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dc.contributor.authorMOSES, A. Dirk
dc.identifier.citationGenocide Studies and Prevention, 2011, 6, 3, 287–300en
dc.description.abstractGenocide studies has come a long way over the past decade, having attained a level of intellectual sobriety, academic credibility, and public recognition virtually inconceivable forty years ago. At the same time, there have been signs of convergence between the fields of genocide studies and Holocaust historiography and studies. This development can be challenging for those in Holocaust studies and historiography because the relationship between the two disciplines is complicated by genocide studies’ claim to incorporate the Holocaust into its object of inquiry, whereas the reverse does not hold. There is a potentially subordinate situation here, or at least it can be experienced that way, even though Holocaust studies and historiography is a field with a substantial center of gravity, evidenced by the journals, book series, and research institutes devoted to the subject, such that it hardly needs to gesture to the relatively younger and smaller sibling, genocide studies. This article analyzes a recent critique of this convergence by revisiting the founding assumptions of Holocaust studies and genocide studies.en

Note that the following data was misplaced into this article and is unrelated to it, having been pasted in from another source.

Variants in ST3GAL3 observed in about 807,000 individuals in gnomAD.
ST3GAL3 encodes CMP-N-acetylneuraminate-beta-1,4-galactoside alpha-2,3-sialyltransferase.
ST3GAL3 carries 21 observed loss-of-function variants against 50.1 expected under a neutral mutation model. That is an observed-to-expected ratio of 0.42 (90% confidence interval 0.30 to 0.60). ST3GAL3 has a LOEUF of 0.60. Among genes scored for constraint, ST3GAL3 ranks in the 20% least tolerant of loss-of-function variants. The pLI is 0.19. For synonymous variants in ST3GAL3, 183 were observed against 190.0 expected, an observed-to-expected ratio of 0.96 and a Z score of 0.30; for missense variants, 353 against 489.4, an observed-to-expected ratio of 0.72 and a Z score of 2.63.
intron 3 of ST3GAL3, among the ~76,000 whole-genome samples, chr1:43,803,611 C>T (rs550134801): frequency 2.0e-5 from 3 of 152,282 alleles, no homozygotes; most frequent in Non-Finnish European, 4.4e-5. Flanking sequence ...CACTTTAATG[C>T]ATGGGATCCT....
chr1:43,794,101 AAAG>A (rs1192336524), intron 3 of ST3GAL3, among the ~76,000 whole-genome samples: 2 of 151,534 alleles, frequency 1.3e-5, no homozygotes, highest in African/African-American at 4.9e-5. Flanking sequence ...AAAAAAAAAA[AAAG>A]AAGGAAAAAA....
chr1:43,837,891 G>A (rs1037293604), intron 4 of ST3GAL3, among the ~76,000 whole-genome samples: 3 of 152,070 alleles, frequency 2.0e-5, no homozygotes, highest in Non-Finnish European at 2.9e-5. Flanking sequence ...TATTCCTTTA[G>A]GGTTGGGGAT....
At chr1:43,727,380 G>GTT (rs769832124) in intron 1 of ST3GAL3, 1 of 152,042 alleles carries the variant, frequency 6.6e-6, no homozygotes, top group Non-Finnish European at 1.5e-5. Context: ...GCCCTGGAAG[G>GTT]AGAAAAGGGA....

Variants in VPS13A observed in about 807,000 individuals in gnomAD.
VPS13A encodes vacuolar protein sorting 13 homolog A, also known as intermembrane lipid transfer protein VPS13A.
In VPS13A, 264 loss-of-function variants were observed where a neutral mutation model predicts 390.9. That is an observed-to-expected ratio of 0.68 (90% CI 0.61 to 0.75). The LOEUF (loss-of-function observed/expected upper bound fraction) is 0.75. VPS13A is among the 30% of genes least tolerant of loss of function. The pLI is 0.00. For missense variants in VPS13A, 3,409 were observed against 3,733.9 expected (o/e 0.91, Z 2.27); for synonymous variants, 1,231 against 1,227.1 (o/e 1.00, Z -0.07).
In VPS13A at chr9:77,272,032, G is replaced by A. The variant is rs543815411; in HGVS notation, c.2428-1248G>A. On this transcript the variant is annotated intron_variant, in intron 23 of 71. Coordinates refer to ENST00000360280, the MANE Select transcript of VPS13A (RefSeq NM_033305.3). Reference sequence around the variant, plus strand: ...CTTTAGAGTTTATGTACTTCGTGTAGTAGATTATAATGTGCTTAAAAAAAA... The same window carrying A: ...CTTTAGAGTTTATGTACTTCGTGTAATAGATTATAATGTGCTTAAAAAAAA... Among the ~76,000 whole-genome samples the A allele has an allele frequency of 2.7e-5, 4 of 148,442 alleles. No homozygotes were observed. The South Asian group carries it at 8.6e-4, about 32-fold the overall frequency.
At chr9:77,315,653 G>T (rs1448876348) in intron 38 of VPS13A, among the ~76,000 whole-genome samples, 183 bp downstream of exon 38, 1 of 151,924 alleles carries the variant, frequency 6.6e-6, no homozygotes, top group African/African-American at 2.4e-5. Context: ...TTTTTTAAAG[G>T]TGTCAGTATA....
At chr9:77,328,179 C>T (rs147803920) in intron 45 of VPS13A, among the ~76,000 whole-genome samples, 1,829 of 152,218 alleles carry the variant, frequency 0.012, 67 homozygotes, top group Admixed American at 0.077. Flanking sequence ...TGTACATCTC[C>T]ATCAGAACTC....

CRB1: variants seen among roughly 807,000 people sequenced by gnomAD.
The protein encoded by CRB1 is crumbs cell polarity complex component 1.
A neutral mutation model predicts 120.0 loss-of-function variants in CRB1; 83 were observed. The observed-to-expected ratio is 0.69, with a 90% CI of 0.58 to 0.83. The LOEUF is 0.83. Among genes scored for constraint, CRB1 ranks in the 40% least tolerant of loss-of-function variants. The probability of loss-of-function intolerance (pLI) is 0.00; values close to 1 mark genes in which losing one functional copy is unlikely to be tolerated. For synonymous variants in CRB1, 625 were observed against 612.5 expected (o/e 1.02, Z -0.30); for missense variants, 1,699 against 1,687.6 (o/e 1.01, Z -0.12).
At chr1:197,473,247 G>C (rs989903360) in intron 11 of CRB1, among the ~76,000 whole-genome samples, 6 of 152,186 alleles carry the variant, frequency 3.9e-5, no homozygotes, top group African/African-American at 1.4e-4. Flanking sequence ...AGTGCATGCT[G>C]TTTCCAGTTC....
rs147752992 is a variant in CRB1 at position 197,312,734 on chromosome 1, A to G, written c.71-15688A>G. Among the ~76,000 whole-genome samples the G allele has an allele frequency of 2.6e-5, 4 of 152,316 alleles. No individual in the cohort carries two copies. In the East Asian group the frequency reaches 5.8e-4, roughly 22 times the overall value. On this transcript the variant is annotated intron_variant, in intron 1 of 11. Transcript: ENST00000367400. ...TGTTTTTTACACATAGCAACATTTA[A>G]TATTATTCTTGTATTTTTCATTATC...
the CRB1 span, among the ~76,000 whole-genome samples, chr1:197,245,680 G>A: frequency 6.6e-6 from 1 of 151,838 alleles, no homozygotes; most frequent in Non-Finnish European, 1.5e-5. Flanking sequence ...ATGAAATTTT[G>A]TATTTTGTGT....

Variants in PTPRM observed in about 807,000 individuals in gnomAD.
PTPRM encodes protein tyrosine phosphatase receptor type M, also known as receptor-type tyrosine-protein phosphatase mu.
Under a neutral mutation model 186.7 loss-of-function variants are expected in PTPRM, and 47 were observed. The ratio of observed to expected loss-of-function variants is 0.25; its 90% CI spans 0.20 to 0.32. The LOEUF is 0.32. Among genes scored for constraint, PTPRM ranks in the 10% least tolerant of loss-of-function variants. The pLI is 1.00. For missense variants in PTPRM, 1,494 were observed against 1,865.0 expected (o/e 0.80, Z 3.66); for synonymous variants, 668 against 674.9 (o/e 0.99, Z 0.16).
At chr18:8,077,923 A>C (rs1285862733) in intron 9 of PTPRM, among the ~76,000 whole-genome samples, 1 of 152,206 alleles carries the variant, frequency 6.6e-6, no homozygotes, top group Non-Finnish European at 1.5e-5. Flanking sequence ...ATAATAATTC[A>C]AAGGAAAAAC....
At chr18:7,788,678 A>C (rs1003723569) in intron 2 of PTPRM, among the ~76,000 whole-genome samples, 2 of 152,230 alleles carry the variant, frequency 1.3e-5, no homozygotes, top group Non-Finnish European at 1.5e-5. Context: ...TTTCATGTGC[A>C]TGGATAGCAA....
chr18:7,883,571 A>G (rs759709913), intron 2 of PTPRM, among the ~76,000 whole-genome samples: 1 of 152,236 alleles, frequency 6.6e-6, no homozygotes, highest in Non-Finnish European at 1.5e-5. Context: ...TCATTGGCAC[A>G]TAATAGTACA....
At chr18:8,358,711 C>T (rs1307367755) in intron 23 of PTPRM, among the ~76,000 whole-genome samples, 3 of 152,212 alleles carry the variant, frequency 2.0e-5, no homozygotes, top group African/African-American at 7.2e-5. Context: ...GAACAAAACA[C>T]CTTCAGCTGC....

dc.titleRevisiting a Founding Assumption of Genocide Studiesen

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